# What could the null hypotesis be in the case of a $F-$test for two $\chi^2$s coming from two fits of the same data?

I report one of the definiton of Fisher's $F$

Suppose that $\chi^2_A$ has the chi-square distribution with $\nu_A$ degrees of freedom and $\chi^2_B$ has the chi-square distribution with $\nu_B$ degrees of freedom, where $\nu_A,\nu_B∈(0,∞)$. Assume also that $\chi^2_A$ and $\chi^2_B$ are independent. The distribution of $$\mathrm{F}=\frac{\chi^2_A/\nu_A}{\chi^2_B/\nu_B}$$

is the $\mathrm{F}$ distribution with $\nu_A$ degrees of freedom in the numerator and $\nu_B$ degrees of freedom in the denominator.

Consider the following situation: I have a set of data and I try to use Least Square Method with two different functions, say a line and a parabola, to fit these data.

Then I calculate $\chi^2$ in both cases and in both cases I get a value smaller than the critical one, so I do not refuse any of the two fits.

(In order to choose between the two of course I can see where $\chi^2$ is smaller, but that can be a fluctuation and let's not consider that).

I heard that a more suitable way to understand if the two fits are both good is to use $F$, as defined above, to do a $F-$test.

Anyway I do not understand what the null hypotesis of the test would be in that case, neither I found anything on textbooks.

So how can one use $F$ to understand if two $\chi^2$ from different fits of the same data can be considered both "good"? In particular what the null hypotesis for that test would be?

My guess (surely wrong and confused) would be that, if the two $\chi^2$ are both "good" then $F \approx 1$ but "the two $\chi^2$ are both good" does not seem a real null hypotesis, since $F$ is defined as $\chi^2$s ratio indipendently from the fact that both the $\chi^2$s come from fits of the same set of data or not. As far as I understand the two $\chi^2$s could be any (as long as indipendent) and also from different sets of data.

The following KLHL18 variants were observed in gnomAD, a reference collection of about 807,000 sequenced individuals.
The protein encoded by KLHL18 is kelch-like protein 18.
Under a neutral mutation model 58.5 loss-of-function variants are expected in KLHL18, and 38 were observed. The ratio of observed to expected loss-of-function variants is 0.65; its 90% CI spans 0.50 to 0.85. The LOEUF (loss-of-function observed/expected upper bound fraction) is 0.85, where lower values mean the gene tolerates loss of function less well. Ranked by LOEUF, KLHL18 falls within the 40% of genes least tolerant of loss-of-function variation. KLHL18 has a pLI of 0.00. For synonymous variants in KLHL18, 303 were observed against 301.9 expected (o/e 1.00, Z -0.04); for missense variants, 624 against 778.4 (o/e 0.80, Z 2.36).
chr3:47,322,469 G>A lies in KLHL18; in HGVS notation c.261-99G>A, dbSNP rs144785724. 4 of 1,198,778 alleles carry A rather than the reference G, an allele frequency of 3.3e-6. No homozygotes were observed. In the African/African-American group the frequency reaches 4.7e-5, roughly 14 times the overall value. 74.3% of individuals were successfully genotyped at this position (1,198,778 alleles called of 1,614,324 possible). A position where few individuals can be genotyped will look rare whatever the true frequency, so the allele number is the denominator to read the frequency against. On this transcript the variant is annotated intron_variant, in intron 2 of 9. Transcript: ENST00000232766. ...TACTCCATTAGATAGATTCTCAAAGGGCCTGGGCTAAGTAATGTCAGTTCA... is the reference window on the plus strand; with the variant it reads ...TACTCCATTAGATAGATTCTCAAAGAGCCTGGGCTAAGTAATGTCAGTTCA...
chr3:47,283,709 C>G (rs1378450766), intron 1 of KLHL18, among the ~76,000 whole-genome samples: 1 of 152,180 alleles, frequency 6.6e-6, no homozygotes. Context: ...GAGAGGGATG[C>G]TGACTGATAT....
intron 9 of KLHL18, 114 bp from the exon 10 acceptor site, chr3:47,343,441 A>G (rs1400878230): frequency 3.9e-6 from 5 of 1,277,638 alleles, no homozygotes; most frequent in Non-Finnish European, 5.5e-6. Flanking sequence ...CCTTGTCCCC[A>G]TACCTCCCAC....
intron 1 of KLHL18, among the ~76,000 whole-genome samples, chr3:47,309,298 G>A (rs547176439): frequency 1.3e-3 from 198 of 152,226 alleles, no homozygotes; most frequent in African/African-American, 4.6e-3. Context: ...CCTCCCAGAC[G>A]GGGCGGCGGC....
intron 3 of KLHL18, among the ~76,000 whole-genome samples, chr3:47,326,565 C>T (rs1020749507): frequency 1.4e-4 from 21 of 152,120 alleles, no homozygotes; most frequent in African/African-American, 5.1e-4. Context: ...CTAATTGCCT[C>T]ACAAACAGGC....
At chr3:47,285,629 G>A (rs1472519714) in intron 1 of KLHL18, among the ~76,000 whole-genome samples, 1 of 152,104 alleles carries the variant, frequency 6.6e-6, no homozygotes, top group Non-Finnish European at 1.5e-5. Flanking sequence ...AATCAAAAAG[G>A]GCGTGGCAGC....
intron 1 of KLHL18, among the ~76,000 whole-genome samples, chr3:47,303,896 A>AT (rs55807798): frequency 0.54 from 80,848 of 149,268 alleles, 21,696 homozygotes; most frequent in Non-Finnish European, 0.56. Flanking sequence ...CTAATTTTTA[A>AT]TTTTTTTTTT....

• Could you validate my answer since I provided (for the line and parabola you mentioned) a test statistic and a code comparing the F-distribution with the sampling distribution of the test statistic? Sep 8, 2016 at 12:35

• Thanks for the answer, I read your useful answer and the pdf you linked there. If I may, I still don't understand two main things. Firstly in the example you made and in the pdf $F$ is defined as $$F=\frac{(\chi^2_A-\chi^2_B)/(\nu_A+\nu_B)}{\chi^2_B/\nu_B}$$ And not just $$F=\frac{\chi^2_A/\nu_A}{\chi^2_B/\nu_B}$$ Why is this necessary? And can it be defined as the form in my question in some cases (maybe when the models are not nested?)? Sep 6, 2016 at 17:52
• Secondly, still concerning the null hypotesis for the test, from your answer: "Under the null hypothesis that model 2 does not provide a significantly better fit than model 1, $F$ will have an $F$ distribution". Here is what I do not get: how can this null hypotesis make that ratio (however it is defined, as in my question or in your answer) follow an $F$ distribution (and don't follow it otherwise), what is the "key" in the hypotesis that transform that ratio in a ratio that follows a $F$ distribution? Or would it follow a $F$ distribution in any case? Sep 6, 2016 at 17:54
• Thanks for feedback. 1) My version is necessary because one or both of the two $\chi^2$ could not follow a $\chi^2$ distribution. Suppose you fit a parabola relationship with a line... 2) I'm not sure about that but you could investigate using the provided code. Sep 6, 2016 at 20:33